Judah and the Lion’s latest music video, “Suit and Jacket” continues the folk-hop band’s 7-year conversation with youth, adulthood, death and meaning within the context of a new outer-space theme. The video, off their new Folk Hop and Roll Deluxe album, features an opening scene with band members Judah Lee Akers, Nate Zuercher, Brian Macdonald and Spencer Cross sitting in a small blue-lit bedroom. Akers sings, “I ain’t trading my youth for no suit and jacket.” His is a common refrain within the lyricism of the band. He continues, “I ain’t giving my freedom for your money and status,” folding imaginary bills in his left hand.
I like to laugh. I like action. I like smart-ass characters and clever dialogue. Needless to say, I loved the “Guardians of the Galaxy 1” Like so many others, I waited with joyful anticipation for “Guardians of the Galaxy 2.”
I’ve read other reviews that weren’t very positive and all I have to say is, It’s based on a comic-book and it’s only a 2-hour 18-minute movie. It’s longer than the average movie but there is only so much character development you are going to be able to cram into 138 minutes, but for what it is, the writers did a hell of a job. The story reveals more well-rounded characters and yes, I felt the attraction between Quill and Gamora even though it was just one of many character relationships forming. As far as pacing, there is a lot of story going on in this movie. The writers are trying to tell an important back-story about Quill and his origin, bring us to the major conflict in this film and set up for the next movie all the while giving us more character development than you would expect in a movie based on a comic-book starring a variety of alien creatures.
Have you ever forgotten your keys? Ever worried about where your luggage went when you checked it through the airline?
Mu Tag is a Kickstarter-turned-product that’ prepared to change the way we find lost items. It’s pretty simple. Attach a $25 Mu Tag to any item and it will track the item with a tiny GPS sensor. Then connect the tag to your phone and give the tag a name for the item. Then you can track that item anywhere, anytime. The battery on each Mu Tag lasts three months.
The world’s smallest consumer tracking device should prove to be an unforgettable new offer in tech, and for lost luggage.
What do you think? Worth the $25?
You may have missed this Studio Ghibli film since it is approaching its twenty second anniversary in July, but you still have time to seek it out, and it is well worth the search.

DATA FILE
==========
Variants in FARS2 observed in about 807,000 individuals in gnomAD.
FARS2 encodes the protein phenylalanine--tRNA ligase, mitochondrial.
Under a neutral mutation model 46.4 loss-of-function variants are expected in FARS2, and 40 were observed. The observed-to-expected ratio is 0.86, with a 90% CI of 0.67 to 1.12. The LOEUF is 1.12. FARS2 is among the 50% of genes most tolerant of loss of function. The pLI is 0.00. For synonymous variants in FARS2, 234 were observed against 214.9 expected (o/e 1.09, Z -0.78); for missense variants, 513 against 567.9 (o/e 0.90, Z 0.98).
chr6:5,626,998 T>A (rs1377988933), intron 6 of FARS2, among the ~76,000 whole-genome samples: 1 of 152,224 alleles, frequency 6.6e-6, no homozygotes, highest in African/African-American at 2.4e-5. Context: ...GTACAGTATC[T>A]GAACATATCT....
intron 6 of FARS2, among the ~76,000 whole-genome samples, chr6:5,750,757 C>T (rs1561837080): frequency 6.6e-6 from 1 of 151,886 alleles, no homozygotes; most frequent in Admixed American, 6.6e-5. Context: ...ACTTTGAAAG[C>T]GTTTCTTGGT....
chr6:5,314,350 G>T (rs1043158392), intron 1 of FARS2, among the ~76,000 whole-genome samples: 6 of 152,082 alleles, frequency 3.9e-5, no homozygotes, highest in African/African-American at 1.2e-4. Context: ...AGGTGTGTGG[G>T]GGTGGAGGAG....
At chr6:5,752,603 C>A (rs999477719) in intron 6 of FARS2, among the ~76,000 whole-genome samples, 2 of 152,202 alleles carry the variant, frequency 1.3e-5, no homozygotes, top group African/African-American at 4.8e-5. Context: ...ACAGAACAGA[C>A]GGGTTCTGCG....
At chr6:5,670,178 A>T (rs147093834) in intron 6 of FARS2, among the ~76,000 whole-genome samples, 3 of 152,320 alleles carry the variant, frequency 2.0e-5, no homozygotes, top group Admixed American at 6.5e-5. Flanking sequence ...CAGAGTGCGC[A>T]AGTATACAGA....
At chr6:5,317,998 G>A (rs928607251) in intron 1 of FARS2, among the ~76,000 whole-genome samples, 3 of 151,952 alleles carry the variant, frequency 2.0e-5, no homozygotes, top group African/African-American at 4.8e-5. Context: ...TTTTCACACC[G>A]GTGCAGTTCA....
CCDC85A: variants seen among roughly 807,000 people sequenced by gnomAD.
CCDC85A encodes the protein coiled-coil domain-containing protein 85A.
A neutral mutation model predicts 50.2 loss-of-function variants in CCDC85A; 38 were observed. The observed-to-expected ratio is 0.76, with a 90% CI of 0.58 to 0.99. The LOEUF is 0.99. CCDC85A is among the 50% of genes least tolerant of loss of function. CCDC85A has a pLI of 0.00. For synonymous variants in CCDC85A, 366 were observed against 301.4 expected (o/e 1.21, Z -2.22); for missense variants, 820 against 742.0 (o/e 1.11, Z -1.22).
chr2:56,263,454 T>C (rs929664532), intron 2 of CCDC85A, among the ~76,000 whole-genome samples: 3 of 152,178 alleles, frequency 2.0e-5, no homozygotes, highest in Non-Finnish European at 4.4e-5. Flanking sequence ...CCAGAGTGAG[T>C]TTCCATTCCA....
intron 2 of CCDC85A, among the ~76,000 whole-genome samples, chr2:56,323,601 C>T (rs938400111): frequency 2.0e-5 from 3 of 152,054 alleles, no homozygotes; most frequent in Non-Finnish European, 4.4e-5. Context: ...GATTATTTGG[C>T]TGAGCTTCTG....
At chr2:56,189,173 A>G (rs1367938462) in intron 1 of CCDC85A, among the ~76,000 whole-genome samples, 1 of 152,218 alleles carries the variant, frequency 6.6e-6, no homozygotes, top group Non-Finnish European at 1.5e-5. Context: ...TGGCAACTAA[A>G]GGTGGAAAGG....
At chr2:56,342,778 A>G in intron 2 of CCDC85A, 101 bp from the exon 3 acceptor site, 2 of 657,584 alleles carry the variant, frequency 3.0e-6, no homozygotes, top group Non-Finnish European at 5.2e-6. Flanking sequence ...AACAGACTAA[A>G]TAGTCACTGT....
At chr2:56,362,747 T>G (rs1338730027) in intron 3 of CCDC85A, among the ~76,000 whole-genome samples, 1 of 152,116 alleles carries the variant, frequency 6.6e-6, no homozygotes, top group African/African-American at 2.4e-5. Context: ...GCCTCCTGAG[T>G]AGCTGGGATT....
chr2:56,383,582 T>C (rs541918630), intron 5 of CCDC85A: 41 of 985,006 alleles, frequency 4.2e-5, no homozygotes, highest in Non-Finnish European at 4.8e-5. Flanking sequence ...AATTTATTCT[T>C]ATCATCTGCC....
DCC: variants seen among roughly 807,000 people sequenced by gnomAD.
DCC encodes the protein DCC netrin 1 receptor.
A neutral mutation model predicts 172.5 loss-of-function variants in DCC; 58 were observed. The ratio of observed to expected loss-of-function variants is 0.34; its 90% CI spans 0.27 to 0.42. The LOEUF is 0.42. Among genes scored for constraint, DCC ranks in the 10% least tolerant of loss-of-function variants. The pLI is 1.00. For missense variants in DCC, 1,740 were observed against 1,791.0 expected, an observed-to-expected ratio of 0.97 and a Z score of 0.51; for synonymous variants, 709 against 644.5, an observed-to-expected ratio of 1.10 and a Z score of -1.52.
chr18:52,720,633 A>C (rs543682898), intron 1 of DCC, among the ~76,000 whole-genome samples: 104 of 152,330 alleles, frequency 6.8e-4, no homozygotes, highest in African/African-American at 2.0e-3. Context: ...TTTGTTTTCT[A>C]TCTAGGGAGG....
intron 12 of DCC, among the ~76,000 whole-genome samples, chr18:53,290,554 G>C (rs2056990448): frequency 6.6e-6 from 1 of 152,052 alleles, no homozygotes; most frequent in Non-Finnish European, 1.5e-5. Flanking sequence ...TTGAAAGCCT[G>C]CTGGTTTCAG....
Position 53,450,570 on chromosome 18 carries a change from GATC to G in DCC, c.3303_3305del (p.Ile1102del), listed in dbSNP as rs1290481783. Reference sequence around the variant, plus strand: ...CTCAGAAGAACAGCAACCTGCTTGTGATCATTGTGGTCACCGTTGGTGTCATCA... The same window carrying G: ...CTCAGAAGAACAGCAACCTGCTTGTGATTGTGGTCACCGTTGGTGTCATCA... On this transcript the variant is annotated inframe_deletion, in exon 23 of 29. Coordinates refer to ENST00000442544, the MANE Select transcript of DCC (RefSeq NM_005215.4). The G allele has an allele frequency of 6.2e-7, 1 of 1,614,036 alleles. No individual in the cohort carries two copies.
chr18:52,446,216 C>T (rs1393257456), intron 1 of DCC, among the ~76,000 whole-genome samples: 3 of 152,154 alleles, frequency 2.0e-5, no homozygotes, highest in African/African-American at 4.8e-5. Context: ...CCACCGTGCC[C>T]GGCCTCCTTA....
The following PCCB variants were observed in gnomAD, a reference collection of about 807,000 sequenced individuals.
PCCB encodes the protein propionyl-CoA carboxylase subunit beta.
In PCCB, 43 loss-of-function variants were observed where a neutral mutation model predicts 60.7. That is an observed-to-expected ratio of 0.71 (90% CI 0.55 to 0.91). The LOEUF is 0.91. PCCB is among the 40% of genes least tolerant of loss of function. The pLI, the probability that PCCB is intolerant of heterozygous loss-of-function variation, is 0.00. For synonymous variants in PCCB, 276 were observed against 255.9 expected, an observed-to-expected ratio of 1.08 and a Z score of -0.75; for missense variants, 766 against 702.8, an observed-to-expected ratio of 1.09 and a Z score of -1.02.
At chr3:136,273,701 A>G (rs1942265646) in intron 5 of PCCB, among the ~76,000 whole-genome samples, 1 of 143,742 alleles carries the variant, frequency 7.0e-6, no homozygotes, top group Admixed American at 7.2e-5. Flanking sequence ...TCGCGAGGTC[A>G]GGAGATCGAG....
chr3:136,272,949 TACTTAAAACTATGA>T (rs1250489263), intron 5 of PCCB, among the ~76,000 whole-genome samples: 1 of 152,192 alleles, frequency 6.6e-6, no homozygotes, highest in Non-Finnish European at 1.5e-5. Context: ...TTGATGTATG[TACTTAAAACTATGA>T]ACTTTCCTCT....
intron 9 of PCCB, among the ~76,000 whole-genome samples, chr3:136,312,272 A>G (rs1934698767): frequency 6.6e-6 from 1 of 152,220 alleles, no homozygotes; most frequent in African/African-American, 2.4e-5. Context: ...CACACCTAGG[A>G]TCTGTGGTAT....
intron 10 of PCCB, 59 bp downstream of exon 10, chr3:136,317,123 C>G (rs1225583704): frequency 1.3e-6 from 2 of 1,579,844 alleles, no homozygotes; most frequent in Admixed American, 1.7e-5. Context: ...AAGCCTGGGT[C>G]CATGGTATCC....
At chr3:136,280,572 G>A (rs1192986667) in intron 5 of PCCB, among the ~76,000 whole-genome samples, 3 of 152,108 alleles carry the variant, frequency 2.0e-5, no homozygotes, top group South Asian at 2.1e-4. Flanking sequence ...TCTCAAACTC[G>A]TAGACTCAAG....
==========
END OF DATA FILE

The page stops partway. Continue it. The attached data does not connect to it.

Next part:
The first film produced by Ghibli that was not directed by either Hayao Miyazaki or Isao Takahata, it is much quieter than some of the studio’s better known films. The story focuses on fourteen year old Shizuku dealing with two big coming-of-age moments: realizing her passion/dream to write, and navigating her first love.
Sara Barielles is in the midst of a ten-week run as Jenna, a Southern pie-maker stuck in a loveless marriage in the popular Broadway musical, “Waitress.” What’s more daunting than the play itself is that Barielles is a Broadway novice taking over the lead role previously held by Tony winner Jessie Mueller. Despite previous nervous energy, Barielles, who wrote the play’s music and lyrics, seems to be thriving.
I hate the film Guardians of the Galaxy. I hate it. I understand that my position is not a popular one; but then again, I never really was that popular. Need proof? Look me up in the high school yearbook.
I hate the film and everything about it, from its Kevin Bacon inspired jokes to its talking Raccoon. I have spent the better part of the last two years trying to convince the rest of you, that I am right. With the sequel arriving in theaters, I will give this one another go.
I hate Guardians for one simple reason: lazy storytelling. Essentially, Guardians of the Galaxy (2014) is a carbon-copy of the Avengers (2012) formula, just with a relatively obscure series from deep within the Marvel vaults. And yes, before you start questioning me and my fan-boy creds, I am in fact one of some twenty-five people who has ACTUALLY read the Guardian’s books.